FIG. 6 is a schematic showing the equipment and process steps of the preferred method and device for olefination of esterified bio-oil in a high-pressure batch or continuous autoclave. The autoclave will be heated and under pressure with the reaction catalyzed with a heterogeneous catalyst. Esterified bio-oil from bio-oil storage tank 33 is input to a stirred tank 35. Olefins from olefins storage tank 34 are also input to stirred tank 35. Stirred tank 35 briefly mixes the esterified bio-oil plus olefins until complete homogenization of the ingredients is achieved. Ingredients of stirred tank 35 are then input to a batch or continuous autoclave 36 containing a heterogeneous reactor to catalyze the reaction. The olefinated/esterified bio-oil is transferred to a storage tank 37 for subsequent shipment.
 FIG. 7 is a schematic showing the equipment and process steps of the preferred method and device for simultaneous olefination/esterification of bio-oil in a high- pressure batch or continuous autoclave. The autoclave will be heated and under pressure with the reaction catalyzed. Bio-oil from storage tank 38 is input to stirred tank 41. Alcohol from storage tank 39 and olefins from storage tank 40 are also input to stirred tank 41. Stirred tank 41 briefly mixes the bio-oil plus alcohol and olefins until complete homogenization of the ingredients is achieved. Ingredients of stirred tank 41 are then input to a batch or continuous autoclave 42 containing a heterogeneous reactor to catalyze the reaction. The olefinated/esterified bio-oil is transferred to an olefinated/esterified storage tank 43 for subsequent shipment.
 The following examples are intended to illustrate the present invention without limiting the invention in any way.
 Example 1: Esterification by injection of sprayed alcohol/catalyst into the hot pyrolytic vapor stream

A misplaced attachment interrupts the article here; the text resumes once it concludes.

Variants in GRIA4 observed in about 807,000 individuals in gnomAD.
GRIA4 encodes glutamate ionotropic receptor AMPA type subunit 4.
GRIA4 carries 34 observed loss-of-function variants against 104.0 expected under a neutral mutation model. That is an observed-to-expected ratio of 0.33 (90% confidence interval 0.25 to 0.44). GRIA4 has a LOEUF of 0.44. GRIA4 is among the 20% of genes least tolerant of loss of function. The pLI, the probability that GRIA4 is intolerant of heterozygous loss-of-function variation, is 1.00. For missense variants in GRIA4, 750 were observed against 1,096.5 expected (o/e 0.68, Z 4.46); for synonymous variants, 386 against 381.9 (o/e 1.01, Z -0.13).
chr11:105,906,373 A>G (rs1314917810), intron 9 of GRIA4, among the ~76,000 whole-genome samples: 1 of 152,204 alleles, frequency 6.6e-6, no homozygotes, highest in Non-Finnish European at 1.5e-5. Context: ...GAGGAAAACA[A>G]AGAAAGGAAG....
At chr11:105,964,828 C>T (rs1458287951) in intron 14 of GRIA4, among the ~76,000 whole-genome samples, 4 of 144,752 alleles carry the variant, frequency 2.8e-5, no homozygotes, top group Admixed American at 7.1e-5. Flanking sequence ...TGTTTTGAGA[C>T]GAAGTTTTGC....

Loblolly pine feedstock containing approximately 10% moisture content was pyrolyzed in a laboratory-scale auger reactor capable of producing 3 liters of bio-oil per hour. Pyrolysis temperature applied was 450°C. During pyrolysis, methanol combined with acid catalyst was injected by spraying into the cross pipe connected to the main reactor tube in which pyrolysis was performed. The function of the cross pipe is to carry pyrolysis vapors from the main reactor tube to the condenser train. An injection system was positioned in the cross pipe just before entry of the pyrolysis vapors into the condenser. Methanol was sprayed into the hot pyrolysis vapor stream utilizing a fuel injector nozzle with flow rate controlled by an HPLC pump with controller. A pressure of approximately 5 psi was applied to the methanol/catalyst mixture with a syringe pump. Both the pump and fuel injector were calibrated in the laboratory with the methanol prior to the attachment to the cross pipe. The flow rate was calculated based on the weight of the methanol injected over the time period. A linear calibration formula was determined to quantify the amount of methanol actually injected. The planned injection rate of methanol was based on a 2 kg hr production rate of bio-oil. The actual production rate of bio-oil was actually higher than 2 kg/hr and was determined by weight during each experiment. The actual percentage of methanol was lower than the pre-run estimates.  The actual amounts of methanol injected were 0.5, 1.1, 2.7, 6.0 and 11.9% corresponding to the estimated respective percentages of 1, 2, 5, 10 and 20% of methanol. Yields of bio-oil were 67.5, 66.8, 57.7, 57.6 and 59.7% for respective nominal percentage methanol injections of 20, 10, 5, 2, and 1%. Differences in yield were not considered to be related to level of methanol injected.